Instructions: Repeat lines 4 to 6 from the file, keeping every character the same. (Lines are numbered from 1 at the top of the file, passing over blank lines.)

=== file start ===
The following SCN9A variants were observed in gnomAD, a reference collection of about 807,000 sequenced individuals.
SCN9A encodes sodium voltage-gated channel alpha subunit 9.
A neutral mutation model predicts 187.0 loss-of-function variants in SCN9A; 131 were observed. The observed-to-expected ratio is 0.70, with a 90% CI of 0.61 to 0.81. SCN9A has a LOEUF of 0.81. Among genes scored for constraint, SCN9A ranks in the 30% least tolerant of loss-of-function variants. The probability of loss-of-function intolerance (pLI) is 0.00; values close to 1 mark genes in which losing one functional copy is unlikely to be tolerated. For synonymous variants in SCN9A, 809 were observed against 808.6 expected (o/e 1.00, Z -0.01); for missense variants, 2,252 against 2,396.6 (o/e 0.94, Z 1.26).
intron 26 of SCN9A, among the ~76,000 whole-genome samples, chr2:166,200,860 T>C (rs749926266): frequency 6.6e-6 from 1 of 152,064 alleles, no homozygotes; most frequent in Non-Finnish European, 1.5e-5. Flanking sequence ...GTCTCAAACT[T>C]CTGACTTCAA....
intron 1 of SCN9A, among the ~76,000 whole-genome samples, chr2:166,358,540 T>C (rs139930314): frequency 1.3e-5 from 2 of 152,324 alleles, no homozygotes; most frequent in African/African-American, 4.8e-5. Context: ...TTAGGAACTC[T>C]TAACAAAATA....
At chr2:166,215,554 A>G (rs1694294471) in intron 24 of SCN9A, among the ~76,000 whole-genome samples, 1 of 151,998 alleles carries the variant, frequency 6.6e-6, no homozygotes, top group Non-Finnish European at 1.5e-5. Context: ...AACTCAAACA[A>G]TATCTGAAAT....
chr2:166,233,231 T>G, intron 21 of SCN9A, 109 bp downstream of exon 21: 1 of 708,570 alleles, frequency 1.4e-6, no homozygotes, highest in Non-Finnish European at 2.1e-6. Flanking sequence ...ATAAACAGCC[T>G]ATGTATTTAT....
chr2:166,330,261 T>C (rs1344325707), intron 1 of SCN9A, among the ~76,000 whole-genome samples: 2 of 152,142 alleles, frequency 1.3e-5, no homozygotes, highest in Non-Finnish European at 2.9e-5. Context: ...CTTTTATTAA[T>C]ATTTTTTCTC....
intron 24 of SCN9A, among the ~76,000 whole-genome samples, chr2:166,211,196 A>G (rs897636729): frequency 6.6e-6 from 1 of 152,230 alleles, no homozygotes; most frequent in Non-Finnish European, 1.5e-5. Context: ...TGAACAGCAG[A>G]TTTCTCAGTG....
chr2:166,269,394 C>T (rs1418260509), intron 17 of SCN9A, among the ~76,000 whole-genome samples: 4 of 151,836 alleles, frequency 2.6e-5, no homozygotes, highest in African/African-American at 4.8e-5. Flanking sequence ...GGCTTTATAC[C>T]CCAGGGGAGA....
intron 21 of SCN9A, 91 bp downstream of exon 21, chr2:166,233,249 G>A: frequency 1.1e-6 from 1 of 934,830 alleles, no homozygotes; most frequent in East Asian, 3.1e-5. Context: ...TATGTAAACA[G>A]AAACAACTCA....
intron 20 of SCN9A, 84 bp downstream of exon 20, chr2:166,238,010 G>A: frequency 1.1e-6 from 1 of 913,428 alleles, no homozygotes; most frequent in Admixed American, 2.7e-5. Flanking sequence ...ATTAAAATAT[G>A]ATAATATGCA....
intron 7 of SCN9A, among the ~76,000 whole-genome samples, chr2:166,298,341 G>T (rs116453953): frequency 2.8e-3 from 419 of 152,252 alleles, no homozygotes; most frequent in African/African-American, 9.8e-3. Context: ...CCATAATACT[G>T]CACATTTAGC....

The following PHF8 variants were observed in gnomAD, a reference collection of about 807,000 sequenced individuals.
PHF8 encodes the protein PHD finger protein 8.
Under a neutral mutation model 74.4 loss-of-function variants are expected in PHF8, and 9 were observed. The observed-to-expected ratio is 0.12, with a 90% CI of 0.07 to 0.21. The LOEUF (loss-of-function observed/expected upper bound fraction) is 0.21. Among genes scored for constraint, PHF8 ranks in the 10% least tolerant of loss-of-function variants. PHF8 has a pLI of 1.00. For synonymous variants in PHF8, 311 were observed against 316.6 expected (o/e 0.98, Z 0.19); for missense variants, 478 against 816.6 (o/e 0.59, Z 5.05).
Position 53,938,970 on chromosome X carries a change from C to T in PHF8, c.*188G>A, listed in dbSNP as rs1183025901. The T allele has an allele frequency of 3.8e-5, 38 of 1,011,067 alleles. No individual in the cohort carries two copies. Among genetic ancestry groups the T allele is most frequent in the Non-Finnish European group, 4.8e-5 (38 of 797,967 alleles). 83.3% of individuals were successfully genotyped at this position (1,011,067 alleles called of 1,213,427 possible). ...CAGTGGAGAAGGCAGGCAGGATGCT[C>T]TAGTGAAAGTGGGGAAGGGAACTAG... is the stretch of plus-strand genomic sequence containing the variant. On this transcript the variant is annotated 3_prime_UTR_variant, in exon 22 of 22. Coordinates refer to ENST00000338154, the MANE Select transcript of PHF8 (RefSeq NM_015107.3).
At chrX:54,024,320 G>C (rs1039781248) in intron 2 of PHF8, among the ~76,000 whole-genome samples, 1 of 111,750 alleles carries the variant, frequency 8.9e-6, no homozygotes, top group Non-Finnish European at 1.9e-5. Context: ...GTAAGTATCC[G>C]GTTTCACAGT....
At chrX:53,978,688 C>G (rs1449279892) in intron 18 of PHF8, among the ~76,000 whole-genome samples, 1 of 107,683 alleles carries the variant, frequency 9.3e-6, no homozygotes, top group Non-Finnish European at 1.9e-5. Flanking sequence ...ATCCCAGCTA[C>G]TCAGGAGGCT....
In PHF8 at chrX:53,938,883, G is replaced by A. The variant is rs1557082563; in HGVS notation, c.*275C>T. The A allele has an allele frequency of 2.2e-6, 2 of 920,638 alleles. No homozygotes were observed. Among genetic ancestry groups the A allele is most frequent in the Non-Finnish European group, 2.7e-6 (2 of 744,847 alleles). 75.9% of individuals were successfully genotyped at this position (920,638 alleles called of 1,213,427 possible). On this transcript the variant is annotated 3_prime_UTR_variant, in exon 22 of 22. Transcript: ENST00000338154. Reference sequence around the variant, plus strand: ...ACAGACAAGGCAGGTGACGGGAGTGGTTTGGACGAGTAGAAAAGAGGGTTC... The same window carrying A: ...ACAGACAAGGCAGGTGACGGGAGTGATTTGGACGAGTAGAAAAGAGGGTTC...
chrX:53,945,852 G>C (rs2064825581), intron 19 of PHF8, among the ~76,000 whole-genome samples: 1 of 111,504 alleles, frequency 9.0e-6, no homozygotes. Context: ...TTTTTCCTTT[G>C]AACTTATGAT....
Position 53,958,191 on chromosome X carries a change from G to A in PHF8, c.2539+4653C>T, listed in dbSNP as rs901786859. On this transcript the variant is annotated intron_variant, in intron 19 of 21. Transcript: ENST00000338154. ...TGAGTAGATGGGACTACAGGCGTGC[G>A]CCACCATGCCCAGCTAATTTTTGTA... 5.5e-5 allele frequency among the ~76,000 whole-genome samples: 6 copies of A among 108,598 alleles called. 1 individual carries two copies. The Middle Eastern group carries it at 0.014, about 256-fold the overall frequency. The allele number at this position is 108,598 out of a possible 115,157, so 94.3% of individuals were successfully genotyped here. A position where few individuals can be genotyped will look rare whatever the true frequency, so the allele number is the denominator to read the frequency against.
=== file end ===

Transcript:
intron 26 of SCN9A, among the ~76,000 whole-genome samples, chr2:166,200,860 T>C (rs749926266): frequency 6.6e-6 from 1 of 152,064 alleles, no homozygotes; most frequent in Non-Finnish European, 1.5e-5. Flanking sequence ...GTCTCAAACT[T>C]CTGACTTCAA....
intron 1 of SCN9A, among the ~76,000 whole-genome samples, chr2:166,358,540 T>C (rs139930314): frequency 1.3e-5 from 2 of 152,324 alleles, no homozygotes; most frequent in African/African-American, 4.8e-5. Context: ...TTAGGAACTC[T>C]TAACAAAATA....
At chr2:166,215,554 A>G (rs1694294471) in intron 24 of SCN9A, among the ~76,000 whole-genome samples, 1 of 151,998 alleles carries the variant, frequency 6.6e-6, no homozygotes, top group Non-Finnish European at 1.5e-5. Context: ...AACTCAAACA[A>G]TATCTGAAAT....